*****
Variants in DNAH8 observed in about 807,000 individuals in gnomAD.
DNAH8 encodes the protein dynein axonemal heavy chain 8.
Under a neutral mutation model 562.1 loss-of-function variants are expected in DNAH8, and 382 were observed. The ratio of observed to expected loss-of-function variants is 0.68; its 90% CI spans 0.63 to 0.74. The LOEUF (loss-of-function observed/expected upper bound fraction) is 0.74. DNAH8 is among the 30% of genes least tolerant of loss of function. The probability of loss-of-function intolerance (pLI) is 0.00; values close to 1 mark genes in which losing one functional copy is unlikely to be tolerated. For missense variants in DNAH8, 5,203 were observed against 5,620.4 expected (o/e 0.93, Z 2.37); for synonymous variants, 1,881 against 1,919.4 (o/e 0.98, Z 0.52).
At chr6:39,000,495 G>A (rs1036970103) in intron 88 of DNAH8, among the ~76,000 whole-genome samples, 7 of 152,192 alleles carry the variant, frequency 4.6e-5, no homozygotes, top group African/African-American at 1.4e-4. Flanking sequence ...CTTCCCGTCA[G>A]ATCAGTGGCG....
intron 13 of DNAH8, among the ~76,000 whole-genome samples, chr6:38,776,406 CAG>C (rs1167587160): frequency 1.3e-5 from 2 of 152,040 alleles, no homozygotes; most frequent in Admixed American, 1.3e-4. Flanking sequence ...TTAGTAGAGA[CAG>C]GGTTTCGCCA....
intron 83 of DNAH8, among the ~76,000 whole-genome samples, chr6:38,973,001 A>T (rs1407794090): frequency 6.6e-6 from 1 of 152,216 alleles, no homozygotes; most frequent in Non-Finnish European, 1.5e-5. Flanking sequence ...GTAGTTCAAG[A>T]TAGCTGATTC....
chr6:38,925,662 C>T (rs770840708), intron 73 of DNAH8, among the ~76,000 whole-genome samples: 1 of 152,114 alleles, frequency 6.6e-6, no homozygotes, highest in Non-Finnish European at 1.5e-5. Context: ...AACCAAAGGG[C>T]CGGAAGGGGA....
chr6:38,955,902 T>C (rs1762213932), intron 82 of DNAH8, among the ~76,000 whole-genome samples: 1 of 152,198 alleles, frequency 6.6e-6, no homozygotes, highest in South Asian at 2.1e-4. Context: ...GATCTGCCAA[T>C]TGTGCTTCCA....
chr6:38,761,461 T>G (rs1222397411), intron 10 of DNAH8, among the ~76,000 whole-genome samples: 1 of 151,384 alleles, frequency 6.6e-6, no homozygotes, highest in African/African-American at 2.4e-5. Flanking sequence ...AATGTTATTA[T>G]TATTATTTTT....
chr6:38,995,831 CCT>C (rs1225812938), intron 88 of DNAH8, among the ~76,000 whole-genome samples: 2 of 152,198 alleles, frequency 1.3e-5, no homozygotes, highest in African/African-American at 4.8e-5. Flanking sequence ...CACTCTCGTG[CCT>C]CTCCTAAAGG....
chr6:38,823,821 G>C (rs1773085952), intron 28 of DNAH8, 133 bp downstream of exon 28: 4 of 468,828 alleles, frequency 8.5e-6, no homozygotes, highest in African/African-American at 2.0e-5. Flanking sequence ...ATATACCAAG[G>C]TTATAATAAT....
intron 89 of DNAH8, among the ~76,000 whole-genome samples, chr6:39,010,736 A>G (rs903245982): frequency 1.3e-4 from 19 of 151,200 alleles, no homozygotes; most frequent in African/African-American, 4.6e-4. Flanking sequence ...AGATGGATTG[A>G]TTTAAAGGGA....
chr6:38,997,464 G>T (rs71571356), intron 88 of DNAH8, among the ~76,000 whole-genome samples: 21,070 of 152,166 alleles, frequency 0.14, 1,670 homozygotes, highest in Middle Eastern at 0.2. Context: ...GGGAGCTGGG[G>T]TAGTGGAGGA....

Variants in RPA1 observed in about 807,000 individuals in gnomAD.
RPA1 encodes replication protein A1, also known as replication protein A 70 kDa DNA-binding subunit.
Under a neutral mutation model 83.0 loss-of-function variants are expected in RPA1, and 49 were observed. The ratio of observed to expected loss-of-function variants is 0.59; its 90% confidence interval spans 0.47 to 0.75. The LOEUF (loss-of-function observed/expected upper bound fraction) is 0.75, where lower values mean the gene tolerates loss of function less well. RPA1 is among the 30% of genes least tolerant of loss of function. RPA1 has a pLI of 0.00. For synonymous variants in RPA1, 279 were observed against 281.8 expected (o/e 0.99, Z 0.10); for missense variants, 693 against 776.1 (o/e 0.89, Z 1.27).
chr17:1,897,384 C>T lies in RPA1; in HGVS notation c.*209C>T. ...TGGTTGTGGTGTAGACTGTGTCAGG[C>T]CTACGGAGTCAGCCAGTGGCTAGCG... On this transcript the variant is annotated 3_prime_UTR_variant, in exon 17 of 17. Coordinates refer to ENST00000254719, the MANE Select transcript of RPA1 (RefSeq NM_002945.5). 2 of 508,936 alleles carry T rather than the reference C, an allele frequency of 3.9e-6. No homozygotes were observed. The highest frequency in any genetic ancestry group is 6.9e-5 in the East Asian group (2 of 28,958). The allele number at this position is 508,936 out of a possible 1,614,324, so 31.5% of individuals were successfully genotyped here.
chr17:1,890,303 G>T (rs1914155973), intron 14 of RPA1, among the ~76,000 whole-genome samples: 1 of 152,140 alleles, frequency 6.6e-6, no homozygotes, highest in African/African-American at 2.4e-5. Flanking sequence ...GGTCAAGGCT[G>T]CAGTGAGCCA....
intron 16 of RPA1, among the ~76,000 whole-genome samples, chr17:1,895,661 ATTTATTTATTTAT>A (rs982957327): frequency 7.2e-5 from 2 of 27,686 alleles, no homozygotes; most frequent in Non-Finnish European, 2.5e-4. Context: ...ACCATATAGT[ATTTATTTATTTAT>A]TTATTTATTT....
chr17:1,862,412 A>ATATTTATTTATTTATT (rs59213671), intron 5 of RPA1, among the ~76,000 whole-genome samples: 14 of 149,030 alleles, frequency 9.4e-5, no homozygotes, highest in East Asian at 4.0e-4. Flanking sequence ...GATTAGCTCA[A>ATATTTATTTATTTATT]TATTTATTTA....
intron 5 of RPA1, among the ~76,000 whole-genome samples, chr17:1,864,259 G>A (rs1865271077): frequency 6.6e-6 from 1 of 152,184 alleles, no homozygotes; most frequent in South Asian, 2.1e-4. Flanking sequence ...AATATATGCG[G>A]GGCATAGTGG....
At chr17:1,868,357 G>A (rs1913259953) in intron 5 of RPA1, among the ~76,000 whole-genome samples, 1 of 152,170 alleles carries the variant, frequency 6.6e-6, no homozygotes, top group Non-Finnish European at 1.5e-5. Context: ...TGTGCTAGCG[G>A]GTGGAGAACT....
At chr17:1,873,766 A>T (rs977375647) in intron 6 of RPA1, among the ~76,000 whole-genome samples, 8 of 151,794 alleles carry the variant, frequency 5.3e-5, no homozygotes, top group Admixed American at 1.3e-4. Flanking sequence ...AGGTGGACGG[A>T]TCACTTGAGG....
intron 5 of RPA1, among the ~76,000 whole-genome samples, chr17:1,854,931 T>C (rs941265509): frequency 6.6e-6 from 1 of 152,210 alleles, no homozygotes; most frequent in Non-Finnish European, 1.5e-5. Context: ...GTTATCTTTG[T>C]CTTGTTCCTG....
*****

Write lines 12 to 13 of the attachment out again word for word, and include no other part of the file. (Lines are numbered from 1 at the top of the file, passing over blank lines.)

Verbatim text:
intron 89 of DNAH8, among the ~76,000 whole-genome samples, chr6:39,010,736 A>G (rs903245982): frequency 1.3e-4 from 19 of 151,200 alleles, no homozygotes; most frequent in African/African-American, 4.6e-4. Flanking sequence ...AGATGGATTG[A>G]TTTAAAGGGA....
chr6:38,997,464 G>T (rs71571356), intron 88 of DNAH8, among the ~76,000 whole-genome samples: 21,070 of 152,166 alleles, frequency 0.14, 1,670 homozygotes, highest in Middle Eastern at 0.2. Context: ...GGGAGCTGGG[G>T]TAGTGGAGGA....